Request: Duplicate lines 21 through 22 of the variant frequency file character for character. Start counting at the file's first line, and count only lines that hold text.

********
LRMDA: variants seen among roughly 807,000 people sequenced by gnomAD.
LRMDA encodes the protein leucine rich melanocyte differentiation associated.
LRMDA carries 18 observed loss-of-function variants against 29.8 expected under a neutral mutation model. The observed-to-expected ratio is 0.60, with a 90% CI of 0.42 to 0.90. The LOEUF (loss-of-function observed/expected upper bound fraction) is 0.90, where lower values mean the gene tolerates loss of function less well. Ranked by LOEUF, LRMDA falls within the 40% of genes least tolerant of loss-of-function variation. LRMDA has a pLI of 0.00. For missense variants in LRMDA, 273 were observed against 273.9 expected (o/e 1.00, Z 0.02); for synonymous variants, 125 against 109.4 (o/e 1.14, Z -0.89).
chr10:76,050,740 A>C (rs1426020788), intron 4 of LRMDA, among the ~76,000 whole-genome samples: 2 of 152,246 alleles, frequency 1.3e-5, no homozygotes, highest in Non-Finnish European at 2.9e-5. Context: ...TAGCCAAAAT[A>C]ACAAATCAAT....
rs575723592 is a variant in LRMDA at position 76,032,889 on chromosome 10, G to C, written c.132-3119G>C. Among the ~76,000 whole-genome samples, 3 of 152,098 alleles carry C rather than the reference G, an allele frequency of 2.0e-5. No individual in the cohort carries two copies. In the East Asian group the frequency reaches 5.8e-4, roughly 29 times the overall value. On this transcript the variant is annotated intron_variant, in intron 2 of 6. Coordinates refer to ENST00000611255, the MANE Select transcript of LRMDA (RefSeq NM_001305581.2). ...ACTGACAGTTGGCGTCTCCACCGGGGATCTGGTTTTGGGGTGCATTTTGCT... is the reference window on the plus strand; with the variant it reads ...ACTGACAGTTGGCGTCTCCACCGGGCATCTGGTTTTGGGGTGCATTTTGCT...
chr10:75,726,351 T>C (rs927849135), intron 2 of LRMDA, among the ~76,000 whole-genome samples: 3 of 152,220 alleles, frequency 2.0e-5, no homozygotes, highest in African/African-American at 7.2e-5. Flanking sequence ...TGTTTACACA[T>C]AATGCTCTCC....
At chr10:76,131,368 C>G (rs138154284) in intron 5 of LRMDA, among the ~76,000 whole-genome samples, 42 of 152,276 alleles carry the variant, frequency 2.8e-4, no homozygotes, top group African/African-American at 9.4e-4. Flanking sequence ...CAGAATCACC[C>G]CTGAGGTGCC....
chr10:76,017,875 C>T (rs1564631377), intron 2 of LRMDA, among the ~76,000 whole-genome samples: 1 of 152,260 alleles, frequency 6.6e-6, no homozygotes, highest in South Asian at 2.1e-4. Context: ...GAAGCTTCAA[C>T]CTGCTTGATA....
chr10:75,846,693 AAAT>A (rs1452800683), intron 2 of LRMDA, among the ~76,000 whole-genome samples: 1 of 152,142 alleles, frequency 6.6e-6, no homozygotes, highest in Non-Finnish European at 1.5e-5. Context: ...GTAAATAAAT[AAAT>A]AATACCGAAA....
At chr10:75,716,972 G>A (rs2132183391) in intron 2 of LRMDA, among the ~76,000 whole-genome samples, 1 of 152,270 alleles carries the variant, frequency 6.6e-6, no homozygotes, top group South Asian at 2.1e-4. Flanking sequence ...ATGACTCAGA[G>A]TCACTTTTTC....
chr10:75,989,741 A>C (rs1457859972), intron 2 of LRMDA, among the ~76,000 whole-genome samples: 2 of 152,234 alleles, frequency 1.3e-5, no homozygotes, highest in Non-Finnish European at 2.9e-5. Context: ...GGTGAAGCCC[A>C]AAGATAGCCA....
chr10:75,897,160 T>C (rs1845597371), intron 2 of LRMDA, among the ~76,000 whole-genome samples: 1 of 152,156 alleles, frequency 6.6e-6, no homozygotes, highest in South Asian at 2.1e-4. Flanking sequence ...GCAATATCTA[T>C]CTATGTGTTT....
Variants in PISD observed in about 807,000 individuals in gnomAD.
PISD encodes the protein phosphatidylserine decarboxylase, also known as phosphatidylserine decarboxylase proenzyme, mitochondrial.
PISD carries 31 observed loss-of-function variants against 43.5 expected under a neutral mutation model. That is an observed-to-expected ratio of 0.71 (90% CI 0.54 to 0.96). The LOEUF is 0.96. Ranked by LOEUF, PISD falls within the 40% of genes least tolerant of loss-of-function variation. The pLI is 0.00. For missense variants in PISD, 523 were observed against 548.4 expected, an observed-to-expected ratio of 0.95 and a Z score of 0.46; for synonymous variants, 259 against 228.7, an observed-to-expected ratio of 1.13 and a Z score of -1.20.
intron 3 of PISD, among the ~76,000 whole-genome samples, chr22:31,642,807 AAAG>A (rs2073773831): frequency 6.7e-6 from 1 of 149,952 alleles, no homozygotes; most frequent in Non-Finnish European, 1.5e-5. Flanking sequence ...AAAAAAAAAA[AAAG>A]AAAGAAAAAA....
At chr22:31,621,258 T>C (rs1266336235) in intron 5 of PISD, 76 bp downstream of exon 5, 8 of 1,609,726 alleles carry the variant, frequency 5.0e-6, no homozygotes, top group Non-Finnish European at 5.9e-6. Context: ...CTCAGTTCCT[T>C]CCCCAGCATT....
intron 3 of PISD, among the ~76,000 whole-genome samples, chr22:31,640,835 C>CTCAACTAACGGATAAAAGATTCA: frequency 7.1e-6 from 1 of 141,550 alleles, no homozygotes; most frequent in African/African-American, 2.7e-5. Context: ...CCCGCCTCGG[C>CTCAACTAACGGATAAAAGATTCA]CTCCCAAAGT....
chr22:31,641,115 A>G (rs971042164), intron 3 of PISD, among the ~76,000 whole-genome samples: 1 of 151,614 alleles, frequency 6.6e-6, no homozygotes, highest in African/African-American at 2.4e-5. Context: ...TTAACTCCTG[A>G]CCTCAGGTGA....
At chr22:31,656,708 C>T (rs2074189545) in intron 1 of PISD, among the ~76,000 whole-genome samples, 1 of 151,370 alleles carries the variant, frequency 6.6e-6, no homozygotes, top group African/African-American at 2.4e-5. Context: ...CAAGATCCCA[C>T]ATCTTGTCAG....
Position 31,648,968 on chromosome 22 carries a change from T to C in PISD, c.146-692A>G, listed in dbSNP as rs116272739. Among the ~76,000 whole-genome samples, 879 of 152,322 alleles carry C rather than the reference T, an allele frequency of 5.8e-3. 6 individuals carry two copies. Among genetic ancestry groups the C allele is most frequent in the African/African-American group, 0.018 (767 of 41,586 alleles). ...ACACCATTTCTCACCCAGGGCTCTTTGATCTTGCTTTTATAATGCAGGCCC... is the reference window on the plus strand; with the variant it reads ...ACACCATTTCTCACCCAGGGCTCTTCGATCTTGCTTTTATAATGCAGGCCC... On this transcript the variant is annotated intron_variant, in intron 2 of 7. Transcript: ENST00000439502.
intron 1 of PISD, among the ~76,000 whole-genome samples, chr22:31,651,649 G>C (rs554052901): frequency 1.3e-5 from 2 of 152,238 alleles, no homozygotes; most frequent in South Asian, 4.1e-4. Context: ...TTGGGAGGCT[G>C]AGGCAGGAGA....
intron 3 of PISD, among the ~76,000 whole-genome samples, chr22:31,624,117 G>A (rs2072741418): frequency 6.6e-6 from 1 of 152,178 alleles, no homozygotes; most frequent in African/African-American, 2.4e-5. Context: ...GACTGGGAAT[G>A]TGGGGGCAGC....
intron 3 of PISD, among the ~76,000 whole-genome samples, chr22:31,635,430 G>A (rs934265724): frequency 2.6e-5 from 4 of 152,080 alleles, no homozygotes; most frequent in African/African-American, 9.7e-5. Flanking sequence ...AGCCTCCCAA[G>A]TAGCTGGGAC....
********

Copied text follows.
Position 31,648,968 on chromosome 22 carries a change from T to C in PISD, c.146-692A>G, listed in dbSNP as rs116272739. Among the ~76,000 whole-genome samples, 879 of 152,322 alleles carry C rather than the reference T, an allele frequency of 5.8e-3. 6 individuals carry two copies. Among genetic ancestry groups the C allele is most frequent in the African/African-American group, 0.018 (767 of 41,586 alleles). ...ACACCATTTCTCACCCAGGGCTCTTTGATCTTGCTTTTATAATGCAGGCCC... is the reference window on the plus strand; with the variant it reads ...ACACCATTTCTCACCCAGGGCTCTTCGATCTTGCTTTTATAATGCAGGCCC... On this transcript the variant is annotated intron_variant, in intron 2 of 7. Transcript: ENST00000439502.
intron 1 of PISD, among the ~76,000 whole-genome samples, chr22:31,651,649 G>C (rs554052901): frequency 1.3e-5 from 2 of 152,238 alleles, no homozygotes; most frequent in South Asian, 4.1e-4. Context: ...TTGGGAGGCT[G>C]AGGCAGGAGA....